Archive for March, 2008

SOTUTA BY BIKE AND BUS

March 22, 2008

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SOTUTA BY BIKE AND BUS: Historical crossroads of the Mayan civilization.

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We began this unusual out-back Yucatan day-trip with our usual 7 kilometer bike trip to the local bus terminal on the corner of 50 and 67 in the city center of Mérida.
We rolled east-bound out of the bustling city traffic with our folding bicycles stowed aboard to the out of the tourist loop history laden diminutive town of Sotuta.
Our first visit to little Sotuta had been nearly twenty-five years earlier at the end of the thriving henequen era when Sotuta was at the end of the still functional narrow gauge railroad line. In those days the town was renowned for being the stronghold for a dissident populist democratic movement in Yucatan and even had one of the most powerful radio stations blasting out their autonomous egalitarian message. The Mexican military maintained a fortified barracks prominently placed on the main city plaza from the beginnings of the Caste War that begin in 1848 and was not relinquished until 1998 when indigenous rights were at a proverbial boiling point. This heightened indigenous rights movement was brought about by the EZLN or the Zapatistas who squared off and took on the Federal government January 1st 1994 forcing their issue of human rights into international news.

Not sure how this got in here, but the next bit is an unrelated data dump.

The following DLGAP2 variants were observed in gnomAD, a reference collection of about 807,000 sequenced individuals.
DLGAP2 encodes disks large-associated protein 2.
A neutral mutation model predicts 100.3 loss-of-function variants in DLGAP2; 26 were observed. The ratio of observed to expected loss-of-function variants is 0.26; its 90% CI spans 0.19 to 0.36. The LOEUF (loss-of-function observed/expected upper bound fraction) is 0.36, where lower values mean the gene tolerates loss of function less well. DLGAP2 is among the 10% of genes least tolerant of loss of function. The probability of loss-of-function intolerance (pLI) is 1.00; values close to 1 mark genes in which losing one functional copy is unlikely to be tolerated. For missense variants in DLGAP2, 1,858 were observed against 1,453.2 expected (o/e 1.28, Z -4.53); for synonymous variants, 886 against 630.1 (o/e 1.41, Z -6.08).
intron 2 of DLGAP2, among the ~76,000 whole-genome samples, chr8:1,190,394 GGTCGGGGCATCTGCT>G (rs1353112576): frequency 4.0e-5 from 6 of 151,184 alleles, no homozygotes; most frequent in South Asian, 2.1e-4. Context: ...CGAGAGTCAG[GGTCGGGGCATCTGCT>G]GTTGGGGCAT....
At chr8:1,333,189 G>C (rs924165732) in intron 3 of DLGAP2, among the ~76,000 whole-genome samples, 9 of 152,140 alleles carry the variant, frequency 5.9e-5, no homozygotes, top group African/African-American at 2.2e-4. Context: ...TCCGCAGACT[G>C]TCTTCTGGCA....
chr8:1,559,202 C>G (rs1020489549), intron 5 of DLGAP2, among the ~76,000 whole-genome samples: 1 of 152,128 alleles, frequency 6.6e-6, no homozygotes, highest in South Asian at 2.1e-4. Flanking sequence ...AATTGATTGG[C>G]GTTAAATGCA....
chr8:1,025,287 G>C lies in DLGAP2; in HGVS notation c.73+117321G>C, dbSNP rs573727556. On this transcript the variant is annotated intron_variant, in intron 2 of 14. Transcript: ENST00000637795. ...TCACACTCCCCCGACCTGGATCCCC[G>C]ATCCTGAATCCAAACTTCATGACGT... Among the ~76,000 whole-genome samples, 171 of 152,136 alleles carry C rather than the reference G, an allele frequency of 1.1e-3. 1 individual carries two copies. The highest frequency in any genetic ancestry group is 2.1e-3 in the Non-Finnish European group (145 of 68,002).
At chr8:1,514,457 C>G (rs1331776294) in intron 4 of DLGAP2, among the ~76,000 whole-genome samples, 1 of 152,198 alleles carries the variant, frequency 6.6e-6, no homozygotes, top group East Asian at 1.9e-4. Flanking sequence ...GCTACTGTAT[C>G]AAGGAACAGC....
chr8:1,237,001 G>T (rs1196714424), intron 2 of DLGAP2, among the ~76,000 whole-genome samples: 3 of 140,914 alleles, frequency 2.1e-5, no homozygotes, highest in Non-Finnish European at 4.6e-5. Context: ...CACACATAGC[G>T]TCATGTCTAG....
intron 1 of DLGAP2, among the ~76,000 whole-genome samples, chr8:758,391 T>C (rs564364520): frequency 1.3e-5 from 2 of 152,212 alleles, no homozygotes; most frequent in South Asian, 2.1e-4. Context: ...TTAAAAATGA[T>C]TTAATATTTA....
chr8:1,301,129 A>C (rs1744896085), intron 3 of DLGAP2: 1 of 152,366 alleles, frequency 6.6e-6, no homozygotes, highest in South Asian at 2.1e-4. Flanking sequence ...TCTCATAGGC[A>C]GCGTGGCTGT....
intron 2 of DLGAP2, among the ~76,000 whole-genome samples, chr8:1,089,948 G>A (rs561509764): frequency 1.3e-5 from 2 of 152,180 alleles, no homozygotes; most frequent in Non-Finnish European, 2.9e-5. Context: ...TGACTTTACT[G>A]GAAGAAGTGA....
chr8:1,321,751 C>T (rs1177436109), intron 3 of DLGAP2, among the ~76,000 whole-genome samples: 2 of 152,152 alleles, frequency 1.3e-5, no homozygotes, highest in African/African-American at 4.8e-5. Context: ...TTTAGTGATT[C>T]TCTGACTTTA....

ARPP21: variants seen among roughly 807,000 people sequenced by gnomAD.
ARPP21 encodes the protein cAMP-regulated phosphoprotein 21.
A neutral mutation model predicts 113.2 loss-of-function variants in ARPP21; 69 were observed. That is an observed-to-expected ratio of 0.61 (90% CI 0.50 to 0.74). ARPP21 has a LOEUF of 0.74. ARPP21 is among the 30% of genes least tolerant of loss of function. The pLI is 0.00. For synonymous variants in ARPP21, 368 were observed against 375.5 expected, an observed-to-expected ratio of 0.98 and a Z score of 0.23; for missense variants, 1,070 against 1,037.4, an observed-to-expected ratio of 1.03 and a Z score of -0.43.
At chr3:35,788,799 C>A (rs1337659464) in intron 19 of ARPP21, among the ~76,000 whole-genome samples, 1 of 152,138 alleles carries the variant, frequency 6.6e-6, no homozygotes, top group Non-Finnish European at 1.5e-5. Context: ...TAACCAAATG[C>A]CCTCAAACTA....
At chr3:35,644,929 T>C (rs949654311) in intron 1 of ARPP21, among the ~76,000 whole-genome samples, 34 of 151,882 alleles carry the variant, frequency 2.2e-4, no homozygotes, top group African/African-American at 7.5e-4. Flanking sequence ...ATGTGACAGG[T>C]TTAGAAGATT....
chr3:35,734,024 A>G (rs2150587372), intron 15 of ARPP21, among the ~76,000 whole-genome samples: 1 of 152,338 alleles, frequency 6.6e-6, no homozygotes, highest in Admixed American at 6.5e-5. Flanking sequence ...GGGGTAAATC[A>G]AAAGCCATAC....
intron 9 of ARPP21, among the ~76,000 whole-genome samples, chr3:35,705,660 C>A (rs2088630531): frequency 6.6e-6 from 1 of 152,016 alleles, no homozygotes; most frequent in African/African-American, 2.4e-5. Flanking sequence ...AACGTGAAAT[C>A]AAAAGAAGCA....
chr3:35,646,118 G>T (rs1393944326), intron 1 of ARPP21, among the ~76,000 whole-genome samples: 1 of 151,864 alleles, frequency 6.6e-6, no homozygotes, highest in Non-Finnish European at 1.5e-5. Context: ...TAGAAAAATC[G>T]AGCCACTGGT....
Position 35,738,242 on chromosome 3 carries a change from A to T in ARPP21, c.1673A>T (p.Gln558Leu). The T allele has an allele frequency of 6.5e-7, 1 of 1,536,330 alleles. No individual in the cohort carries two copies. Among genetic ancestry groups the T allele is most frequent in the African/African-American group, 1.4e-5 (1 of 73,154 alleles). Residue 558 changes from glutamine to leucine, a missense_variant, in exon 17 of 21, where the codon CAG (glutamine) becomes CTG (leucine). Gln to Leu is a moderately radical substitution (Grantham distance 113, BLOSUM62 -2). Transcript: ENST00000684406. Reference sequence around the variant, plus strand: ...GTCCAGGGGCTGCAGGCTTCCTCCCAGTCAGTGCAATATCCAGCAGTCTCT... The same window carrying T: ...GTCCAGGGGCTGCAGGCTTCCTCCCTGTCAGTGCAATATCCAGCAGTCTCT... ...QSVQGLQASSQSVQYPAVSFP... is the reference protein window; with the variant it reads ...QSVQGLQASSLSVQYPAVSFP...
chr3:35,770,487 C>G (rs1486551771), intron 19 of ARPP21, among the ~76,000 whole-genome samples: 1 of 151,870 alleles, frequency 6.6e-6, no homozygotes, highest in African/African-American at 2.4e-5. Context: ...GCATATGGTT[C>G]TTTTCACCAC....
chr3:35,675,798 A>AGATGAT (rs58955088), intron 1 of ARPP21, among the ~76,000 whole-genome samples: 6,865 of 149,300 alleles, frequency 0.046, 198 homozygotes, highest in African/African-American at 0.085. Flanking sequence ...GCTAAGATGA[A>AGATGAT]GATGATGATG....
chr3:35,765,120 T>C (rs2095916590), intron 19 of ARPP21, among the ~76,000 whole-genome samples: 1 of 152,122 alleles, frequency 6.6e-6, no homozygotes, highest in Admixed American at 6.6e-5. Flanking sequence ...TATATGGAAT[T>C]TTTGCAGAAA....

A quarter of a century ago when traveling across Yucatan small villages could easily be spotted off at a distance nestled under a grove of fruit bearing shade trees adrift in a sea of henequen fields extending far out to the horizon in all directions.
Amazingly now on our 80 kilometer ride from Mérida to Sotuta we spotted but one small area of cultivated henequen, a token patch in a miniscule village of Huhí, 20 kilometers northwest of our final destination of Sotuta. This is bicycle paradise.
The quiet narrow paved country roads of the Sotuta area are scarcely two meters wide and have a conspicuous lack of motor vehicles and you can hear them coming from five kilometers off.
Sotuta is a strange little place whose complicated and poorly recorded history speaks to us today through the structural remains of its few antiquated edifices that are anthropological memorials.
Discover the detailed history in the following books; Inga Clendinnen’s Ambivalent Conquests, Richard Perry’s marvelously documented book Mayan Missions and Nelson Reed’s fact filled compendium The Caste War of Yucatan. Current political history of Mexico’s indigenous is brought to life in John Ross’s outstandingly powerful book; ¡ZAPATISTAS! Making Another World Possible. It is a must read.
Now look at this out of the way Yucatan town through our captioned photo story;

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This is Sotuta’s downtown main street adjacent to the city central plaza with its conspicuous lack of motor vehicles. Sotuta is clean, quiet, friendly and poor.